Lewis and Clark and the Indian Country broadens the scope of conventional study of the Lewis and Clark expedition to include Native American perspectives. Frederick E. Hoxie and Jay T. Nelson present the expedition’s long-term impact on the “Indian Country” and its residents through compelling interviews conducted with Native Americans over the past two centuries, secondary literature, Lewis and Clark travel journals, and other primary sources from the Newberry Library’s exhibit Lewis and Clark and the Indian Country. Rich stories of Native Americans, travelers, ranchers, Columbia River fur traders, teachers, and missionaries—often in conflict with each other--illustrate complex interactions between settlers and tribal people. Environmental protection issues and the preservation of Native language, education, and culture dominate late twentieth-century discussions, while early accounts document important Native American alliances with Lewis and Clark. In widening the reader’s interpretive lens to include many perspectives, this collection reaches beyond individual achievement to appreciate America’s plural past.


Tojahn
Great book for getting the other side of the story. Most literature referencing the Lewis and Clark expedition is from the perspective of colonialism. This book uncovers the Native American perspective.
Xlisiahal
"Lewis & Clark and the Indian Country”: The Native American Perspective edited by Frederick E. Hoxie and Jay T. Nelson

Being a “perspective”, this work naturally includes insights to be contemplated and bias to be criticized. The insights in this book are ample, important, thought-provoking, and deserve plenty of contemplation. The bias is chiefly the age-old “White equals Bad, Red equals Noble” bigotry and hypocrisy that has characterized the writings of Indians and their allies forever. That is to say it is “old news” and should be set aside in order to glean the most from the insights.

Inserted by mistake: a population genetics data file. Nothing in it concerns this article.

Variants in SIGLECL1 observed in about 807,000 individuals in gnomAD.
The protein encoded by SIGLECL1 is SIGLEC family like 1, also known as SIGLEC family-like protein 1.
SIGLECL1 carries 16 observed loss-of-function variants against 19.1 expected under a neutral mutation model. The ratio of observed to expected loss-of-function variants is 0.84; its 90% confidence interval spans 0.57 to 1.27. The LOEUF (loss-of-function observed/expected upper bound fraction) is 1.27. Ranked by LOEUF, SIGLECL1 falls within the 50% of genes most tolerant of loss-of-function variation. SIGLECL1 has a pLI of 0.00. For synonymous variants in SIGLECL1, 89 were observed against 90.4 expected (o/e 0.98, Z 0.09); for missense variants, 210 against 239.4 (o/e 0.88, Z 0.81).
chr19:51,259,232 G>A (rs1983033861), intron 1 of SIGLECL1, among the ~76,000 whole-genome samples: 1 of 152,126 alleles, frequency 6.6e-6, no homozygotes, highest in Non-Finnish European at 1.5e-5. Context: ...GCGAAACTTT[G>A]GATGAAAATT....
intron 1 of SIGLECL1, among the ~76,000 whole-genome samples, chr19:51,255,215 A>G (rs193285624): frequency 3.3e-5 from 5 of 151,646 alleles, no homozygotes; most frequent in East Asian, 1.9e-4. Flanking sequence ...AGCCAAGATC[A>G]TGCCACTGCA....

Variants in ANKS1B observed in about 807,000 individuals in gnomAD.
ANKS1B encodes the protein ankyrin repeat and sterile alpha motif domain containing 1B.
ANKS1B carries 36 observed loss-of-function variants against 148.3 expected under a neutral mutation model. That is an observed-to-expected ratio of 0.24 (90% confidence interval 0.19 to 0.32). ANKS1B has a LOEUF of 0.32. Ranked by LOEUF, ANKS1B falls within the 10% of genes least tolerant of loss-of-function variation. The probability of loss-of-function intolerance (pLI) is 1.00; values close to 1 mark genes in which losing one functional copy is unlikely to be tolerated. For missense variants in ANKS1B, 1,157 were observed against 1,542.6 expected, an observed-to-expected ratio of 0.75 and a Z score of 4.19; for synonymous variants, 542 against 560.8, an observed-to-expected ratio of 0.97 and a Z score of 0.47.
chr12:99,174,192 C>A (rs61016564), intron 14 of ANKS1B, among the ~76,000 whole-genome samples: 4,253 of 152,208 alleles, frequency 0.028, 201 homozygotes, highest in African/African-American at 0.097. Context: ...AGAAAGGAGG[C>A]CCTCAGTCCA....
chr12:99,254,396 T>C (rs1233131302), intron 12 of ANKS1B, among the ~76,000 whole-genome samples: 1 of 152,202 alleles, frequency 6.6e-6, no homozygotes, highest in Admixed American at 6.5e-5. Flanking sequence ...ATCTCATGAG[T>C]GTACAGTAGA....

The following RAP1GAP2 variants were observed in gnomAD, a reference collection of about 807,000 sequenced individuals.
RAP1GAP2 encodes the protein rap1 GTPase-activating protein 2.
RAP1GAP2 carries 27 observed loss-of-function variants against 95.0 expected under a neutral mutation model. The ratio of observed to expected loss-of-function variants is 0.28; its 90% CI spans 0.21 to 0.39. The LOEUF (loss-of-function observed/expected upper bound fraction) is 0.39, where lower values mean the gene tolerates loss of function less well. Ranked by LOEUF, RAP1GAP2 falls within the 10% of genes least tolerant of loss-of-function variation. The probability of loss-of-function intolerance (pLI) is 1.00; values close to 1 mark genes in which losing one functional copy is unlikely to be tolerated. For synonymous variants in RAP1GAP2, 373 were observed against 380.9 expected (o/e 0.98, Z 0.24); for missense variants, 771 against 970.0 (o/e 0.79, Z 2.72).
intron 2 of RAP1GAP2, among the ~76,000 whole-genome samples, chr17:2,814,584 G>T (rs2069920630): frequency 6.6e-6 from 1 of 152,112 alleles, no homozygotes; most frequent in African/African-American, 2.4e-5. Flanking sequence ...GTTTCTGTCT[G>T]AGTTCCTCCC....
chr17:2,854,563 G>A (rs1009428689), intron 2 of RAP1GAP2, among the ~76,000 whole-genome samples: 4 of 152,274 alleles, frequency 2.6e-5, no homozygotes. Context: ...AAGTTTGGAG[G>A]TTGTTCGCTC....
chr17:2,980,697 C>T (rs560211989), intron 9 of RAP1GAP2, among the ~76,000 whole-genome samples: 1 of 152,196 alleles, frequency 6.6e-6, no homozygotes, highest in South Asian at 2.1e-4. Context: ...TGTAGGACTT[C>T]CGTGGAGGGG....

I’m certain the reader will agree that the editors have done an admirable job of cutting through the mythology of the Lewis & Clark expedition. In doing so, they have brought the reader to a vantage point that puts the expedition and its’ impact into “3-D”, so to speak. It’s like they’ve “IMAX’ed” the Corps of Discovery and its’ place in the real America of 1803-06. But I don’t want to spoil the fun… except, perhaps, to say this…

The editors seem to have undergone an epiphany of sorts – a realization of the unseen impact Red/White contact then, and since and now. They seem to sense that, in spite of its’ twisted, twining path over the passed century, the Life of the native peoples is still in them. They are still Themselves. The 21st chapter, titled “Language Preservation” recognizes Language as the soul of a People (“culture”, if you will) and comes closest to articulating that epiphany. In fact, the reader might do well to read that chapter first and then go back and read the book through. And, in fact, White readers might do very well to ponder whether all American citizens need to achieve a similar epiphany about our lives too. Our national government is doing many of the same things to all of us that it did to indigenous Americans in the 1900s, especially with regards to our children.